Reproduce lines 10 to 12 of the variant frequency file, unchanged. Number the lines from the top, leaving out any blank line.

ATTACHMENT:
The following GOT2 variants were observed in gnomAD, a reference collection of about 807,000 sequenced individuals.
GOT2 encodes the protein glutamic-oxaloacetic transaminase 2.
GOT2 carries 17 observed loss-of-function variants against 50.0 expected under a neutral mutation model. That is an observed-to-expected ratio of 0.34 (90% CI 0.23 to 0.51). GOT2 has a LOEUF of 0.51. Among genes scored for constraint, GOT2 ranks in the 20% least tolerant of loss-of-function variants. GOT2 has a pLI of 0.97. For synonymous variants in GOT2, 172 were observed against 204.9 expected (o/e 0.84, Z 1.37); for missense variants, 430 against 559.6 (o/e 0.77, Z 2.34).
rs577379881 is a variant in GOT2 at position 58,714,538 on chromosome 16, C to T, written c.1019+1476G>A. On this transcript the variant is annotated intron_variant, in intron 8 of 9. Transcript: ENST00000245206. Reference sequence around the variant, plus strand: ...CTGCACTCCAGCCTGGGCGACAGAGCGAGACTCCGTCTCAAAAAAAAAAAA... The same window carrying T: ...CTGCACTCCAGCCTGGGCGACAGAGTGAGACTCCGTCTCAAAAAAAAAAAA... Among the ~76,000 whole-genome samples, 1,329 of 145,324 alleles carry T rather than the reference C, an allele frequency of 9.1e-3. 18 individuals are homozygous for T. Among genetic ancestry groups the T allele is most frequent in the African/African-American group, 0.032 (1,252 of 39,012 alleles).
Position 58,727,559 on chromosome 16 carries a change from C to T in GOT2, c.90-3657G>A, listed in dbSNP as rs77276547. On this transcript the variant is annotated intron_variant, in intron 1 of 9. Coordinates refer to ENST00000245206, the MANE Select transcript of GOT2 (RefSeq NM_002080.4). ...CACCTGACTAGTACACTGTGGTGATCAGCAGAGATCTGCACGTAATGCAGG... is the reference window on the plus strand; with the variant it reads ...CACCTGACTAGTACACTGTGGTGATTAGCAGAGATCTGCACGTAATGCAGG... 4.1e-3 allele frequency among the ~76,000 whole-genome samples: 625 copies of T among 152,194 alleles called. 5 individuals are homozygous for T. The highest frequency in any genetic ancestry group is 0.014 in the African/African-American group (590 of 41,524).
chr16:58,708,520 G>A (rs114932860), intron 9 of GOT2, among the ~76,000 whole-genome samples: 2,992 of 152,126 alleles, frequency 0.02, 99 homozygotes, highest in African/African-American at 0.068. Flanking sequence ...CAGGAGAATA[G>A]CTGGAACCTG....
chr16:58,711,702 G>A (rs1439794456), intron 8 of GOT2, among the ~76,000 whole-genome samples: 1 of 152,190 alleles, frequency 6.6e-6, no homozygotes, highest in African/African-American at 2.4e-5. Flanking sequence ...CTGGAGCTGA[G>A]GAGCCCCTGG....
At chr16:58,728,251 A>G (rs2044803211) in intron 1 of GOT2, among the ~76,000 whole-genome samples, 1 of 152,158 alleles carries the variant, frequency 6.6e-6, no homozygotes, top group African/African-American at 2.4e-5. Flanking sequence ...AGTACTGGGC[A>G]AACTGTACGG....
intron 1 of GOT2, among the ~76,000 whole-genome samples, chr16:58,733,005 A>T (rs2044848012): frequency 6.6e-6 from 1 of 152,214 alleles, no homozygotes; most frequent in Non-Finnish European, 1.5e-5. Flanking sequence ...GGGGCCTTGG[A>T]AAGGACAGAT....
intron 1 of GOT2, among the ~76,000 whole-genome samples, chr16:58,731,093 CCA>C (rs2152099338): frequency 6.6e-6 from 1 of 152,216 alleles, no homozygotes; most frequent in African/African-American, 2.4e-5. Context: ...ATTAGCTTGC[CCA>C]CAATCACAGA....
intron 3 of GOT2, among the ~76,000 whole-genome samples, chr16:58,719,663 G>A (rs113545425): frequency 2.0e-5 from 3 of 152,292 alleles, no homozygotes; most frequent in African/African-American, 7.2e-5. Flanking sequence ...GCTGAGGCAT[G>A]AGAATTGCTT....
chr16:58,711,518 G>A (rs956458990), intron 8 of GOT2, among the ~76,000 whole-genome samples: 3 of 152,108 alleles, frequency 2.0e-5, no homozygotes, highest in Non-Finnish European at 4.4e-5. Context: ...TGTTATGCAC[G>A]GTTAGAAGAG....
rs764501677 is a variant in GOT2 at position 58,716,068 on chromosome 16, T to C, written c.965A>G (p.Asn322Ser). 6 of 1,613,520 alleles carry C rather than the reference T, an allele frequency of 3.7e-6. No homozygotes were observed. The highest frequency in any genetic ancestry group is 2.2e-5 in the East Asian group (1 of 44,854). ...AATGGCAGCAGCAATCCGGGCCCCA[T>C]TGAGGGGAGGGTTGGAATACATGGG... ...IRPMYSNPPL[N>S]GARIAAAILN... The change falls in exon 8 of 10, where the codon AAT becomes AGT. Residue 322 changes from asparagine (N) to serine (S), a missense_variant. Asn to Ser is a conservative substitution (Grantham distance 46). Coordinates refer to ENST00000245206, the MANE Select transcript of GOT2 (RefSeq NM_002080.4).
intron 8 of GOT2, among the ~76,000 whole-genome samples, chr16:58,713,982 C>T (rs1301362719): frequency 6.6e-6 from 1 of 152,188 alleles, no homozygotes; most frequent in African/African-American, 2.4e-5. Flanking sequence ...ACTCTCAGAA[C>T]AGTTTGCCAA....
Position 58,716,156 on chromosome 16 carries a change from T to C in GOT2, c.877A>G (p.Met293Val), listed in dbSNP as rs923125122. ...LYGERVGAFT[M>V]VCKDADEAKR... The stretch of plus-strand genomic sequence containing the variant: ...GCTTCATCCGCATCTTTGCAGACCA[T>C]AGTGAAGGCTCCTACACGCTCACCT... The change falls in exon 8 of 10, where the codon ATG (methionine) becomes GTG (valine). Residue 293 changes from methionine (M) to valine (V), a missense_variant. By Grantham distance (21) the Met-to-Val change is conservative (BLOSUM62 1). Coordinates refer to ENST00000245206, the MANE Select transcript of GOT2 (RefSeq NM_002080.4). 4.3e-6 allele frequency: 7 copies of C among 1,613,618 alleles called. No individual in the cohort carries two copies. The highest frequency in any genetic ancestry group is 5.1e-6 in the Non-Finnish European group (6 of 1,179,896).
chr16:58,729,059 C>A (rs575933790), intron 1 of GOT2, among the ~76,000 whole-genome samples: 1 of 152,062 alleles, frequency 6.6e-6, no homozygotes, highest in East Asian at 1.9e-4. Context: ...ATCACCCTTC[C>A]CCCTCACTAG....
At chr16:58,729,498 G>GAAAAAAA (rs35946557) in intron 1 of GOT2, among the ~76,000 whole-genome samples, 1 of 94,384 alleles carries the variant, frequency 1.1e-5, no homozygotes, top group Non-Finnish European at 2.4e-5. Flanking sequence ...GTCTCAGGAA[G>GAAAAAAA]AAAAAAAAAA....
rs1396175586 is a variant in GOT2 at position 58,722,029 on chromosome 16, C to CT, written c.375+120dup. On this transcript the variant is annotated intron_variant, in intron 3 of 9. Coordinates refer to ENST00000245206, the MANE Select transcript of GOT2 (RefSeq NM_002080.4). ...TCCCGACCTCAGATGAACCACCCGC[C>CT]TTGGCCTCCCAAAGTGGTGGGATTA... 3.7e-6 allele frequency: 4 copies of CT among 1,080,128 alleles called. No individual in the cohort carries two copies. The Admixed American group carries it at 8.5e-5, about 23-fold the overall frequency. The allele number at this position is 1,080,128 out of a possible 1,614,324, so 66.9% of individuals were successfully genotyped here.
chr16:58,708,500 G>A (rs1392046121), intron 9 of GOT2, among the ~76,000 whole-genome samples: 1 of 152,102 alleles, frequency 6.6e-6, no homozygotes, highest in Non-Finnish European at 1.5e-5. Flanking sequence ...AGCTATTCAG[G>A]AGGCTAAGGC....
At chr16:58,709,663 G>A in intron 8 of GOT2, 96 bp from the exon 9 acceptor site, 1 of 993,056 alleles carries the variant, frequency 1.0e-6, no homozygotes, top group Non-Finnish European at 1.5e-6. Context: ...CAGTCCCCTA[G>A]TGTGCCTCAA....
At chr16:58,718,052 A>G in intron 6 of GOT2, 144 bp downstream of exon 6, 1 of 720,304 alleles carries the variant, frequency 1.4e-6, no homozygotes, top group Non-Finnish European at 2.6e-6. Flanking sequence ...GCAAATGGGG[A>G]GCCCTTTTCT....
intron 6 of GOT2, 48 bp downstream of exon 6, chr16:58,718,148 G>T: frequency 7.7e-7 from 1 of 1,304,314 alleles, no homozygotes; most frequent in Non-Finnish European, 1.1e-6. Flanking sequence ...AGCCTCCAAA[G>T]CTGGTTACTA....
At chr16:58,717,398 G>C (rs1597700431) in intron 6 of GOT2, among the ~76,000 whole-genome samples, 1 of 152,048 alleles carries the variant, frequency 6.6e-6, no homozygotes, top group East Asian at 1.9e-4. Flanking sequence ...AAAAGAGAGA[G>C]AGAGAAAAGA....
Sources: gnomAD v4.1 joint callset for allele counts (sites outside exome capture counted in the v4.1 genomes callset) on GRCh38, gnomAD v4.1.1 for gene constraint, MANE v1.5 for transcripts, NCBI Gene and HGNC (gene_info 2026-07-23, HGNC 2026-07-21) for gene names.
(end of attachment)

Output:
intron 1 of GOT2, among the ~76,000 whole-genome samples, chr16:58,731,093 CCA>C (rs2152099338): frequency 6.6e-6 from 1 of 152,216 alleles, no homozygotes; most frequent in African/African-American, 2.4e-5. Context: ...ATTAGCTTGC[CCA>C]CAATCACAGA....
intron 3 of GOT2, among the ~76,000 whole-genome samples, chr16:58,719,663 G>A (rs113545425): frequency 2.0e-5 from 3 of 152,292 alleles, no homozygotes; most frequent in African/African-American, 7.2e-5. Flanking sequence ...GCTGAGGCAT[G>A]AGAATTGCTT....
chr16:58,711,518 G>A (rs956458990), intron 8 of GOT2, among the ~76,000 whole-genome samples: 3 of 152,108 alleles, frequency 2.0e-5, no homozygotes, highest in Non-Finnish European at 4.4e-5. Context: ...TGTTATGCAC[G>A]GTTAGAAGAG....